Sold-Out Alexander Hamilton Sale Boosts Sotheby’s $19.4 Million Americana Week
Americana is alive and well.
Bolstered a white glove, sold-out sale of Alexander Hamilton letters and manuscripts totaling $2.65 million, Sotheby’s registered its biggest Americana Week since 2007, with the house bringing in $19.4 million.
Across six sales between January 18 and 21, 1,000 lots sold, with an overall sell-through rate of 80.4 percent.
The week kicked off with the January 18 Hamilton sale, featuring archival letters and manuscripts from the founding father who inspired the hit Broadway musical Hamilton: An American Musical. David Korins, the set designer for the Tony-winning play, assisted in organizing the Americana exhibition that proceeded the sale, and several cast members, including Javier Muñoz, who currently plays the title role, stopped by the auction house to take a peek. All 77 lots on offer found buyers.
The top lot, a previously unrecorded autograph draft of “Pacificus Essay No. VI,” set a record for a manuscript by Hamilton, selling for $262,500. Because no manuscripts from Hamilton’s famous Federalist Papers are known to exist, this may be, according to Sotheby’s, the most important handwritten political document by the former secretary of the treasury.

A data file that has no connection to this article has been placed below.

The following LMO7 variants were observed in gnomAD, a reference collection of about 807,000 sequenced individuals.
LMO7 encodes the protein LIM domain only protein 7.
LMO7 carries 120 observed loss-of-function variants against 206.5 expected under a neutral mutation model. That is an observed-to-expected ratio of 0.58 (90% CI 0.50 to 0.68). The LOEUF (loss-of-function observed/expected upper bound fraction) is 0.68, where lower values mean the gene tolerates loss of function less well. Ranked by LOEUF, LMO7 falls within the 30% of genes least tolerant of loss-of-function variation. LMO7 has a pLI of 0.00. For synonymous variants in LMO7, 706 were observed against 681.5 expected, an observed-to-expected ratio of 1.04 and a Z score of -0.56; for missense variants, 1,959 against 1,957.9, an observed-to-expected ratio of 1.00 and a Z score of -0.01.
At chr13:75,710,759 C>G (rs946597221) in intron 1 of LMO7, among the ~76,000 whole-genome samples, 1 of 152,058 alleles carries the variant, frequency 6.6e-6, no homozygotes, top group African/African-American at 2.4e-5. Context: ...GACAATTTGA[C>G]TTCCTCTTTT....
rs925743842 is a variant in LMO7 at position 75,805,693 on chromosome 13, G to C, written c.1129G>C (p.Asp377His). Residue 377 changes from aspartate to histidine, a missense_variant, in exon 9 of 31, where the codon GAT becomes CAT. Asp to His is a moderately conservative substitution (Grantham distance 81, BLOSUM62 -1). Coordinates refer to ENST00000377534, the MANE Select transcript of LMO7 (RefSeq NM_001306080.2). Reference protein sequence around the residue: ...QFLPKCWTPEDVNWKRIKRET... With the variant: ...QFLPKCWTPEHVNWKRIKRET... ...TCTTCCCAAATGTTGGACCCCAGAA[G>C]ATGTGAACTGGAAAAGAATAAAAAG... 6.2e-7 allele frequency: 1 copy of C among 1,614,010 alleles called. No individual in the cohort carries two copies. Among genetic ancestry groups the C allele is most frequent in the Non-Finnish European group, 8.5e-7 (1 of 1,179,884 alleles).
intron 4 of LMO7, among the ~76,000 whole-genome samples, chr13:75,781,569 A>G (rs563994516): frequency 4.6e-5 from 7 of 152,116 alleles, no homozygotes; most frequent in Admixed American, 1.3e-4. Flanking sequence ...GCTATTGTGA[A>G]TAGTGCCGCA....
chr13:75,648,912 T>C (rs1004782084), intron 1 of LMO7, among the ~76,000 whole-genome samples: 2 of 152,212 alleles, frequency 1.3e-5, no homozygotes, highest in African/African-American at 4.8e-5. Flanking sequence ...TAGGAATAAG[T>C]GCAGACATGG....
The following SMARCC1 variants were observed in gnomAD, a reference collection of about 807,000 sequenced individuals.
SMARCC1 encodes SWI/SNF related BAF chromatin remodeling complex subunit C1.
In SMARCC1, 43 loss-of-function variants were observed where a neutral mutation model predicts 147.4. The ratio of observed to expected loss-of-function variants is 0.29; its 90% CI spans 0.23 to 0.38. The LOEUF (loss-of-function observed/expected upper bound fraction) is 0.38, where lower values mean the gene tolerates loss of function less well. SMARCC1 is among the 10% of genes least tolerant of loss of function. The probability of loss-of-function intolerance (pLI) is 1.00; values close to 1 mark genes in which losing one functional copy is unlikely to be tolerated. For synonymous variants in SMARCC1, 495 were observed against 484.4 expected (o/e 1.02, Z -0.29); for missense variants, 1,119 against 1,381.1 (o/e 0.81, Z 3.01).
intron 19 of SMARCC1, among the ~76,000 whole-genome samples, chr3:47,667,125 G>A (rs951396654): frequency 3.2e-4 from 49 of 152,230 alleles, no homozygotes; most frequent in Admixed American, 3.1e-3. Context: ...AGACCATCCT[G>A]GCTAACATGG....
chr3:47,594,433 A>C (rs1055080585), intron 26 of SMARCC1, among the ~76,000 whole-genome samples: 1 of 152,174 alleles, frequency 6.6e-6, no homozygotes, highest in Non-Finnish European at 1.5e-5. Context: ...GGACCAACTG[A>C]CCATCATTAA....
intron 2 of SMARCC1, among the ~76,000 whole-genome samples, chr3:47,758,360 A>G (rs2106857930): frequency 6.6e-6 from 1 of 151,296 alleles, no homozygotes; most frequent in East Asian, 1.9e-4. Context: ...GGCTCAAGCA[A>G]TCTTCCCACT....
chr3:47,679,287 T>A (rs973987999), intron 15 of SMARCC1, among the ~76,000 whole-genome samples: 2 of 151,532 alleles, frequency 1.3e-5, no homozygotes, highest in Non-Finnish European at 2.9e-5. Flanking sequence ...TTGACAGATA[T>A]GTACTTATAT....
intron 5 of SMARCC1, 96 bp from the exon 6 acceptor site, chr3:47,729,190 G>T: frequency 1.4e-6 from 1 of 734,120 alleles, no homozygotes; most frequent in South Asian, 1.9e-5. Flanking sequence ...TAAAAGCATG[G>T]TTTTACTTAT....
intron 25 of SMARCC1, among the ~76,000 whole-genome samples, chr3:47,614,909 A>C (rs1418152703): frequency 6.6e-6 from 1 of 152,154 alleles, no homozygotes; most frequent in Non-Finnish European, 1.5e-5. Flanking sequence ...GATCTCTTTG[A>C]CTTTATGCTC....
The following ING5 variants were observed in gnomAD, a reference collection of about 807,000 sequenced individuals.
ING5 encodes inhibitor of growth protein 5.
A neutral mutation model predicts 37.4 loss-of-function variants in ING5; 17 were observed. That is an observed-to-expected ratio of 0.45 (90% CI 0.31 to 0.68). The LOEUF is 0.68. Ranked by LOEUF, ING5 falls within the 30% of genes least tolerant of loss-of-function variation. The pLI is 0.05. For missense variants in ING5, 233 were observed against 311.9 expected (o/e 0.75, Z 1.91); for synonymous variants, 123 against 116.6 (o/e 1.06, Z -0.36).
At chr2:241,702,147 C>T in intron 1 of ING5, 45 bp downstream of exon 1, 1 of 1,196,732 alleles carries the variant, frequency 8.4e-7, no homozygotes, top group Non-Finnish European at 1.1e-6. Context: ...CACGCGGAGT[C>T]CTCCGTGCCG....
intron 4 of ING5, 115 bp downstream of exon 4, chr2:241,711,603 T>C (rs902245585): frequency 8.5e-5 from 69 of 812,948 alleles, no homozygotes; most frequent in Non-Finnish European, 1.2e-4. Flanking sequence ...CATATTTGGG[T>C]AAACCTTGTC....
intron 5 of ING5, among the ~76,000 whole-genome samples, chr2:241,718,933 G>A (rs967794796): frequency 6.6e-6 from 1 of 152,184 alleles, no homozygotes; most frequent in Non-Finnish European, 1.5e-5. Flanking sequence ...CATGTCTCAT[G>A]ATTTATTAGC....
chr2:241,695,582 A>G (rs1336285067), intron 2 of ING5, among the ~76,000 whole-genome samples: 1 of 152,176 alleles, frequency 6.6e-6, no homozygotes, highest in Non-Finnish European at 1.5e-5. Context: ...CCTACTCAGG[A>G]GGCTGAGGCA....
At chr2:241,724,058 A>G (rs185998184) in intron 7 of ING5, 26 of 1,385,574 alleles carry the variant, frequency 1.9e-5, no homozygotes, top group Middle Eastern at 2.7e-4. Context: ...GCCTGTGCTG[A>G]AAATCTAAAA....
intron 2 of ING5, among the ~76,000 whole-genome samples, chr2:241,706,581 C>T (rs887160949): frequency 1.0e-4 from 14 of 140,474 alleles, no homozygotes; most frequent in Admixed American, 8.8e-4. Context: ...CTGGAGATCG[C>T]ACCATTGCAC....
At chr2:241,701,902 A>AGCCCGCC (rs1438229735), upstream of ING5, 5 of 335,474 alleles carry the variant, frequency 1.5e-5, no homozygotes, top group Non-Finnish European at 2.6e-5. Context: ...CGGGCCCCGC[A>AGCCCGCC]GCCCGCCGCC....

Among the other documents on offer was the earliest extant love letter from Hamilton to his future wife, Elizabeth “Eliza” Schuyler, dating to 1780. “Adieu my charmer,” he wrote in closing; “take care of your self and love your Hamilton as well as he does you. God bless you.” Their romance is a major part of the Hamilton musical.
“Visitors could point to a document and say, ‘Oh there’s a song about that.’ I think that shows how closely the show follows history,” Selby Kiffer, Sotheby’s international senior specialist for books and manuscripts told CNN.
The rest of the week featured the sale of distinguished private collections, including those of George S. Parker II, Iris Schwartz, Ralph and Suzanne Katz, E. Newbold and Margaret Du Pont Smith, and Joan Oestreich Kend.
Highlights included a $636,500 Chippendale tea table made by Thomas Affleck circa 1779 for Philadelphia Quaker and rum merchant Levi Hollingsworth and a 1901 Tiffany & Co. Viking Style Vase made for the Pan-American Exhibition in Buffalo, which sold for more than five times its pre-sale estimate at $175,000.
“The spirited bidding ensued resoundingly confirmed that Americana is alive and well,” said Erik Gronning, head of American furniture & decorative arts at Sotheby’s, in a statement.
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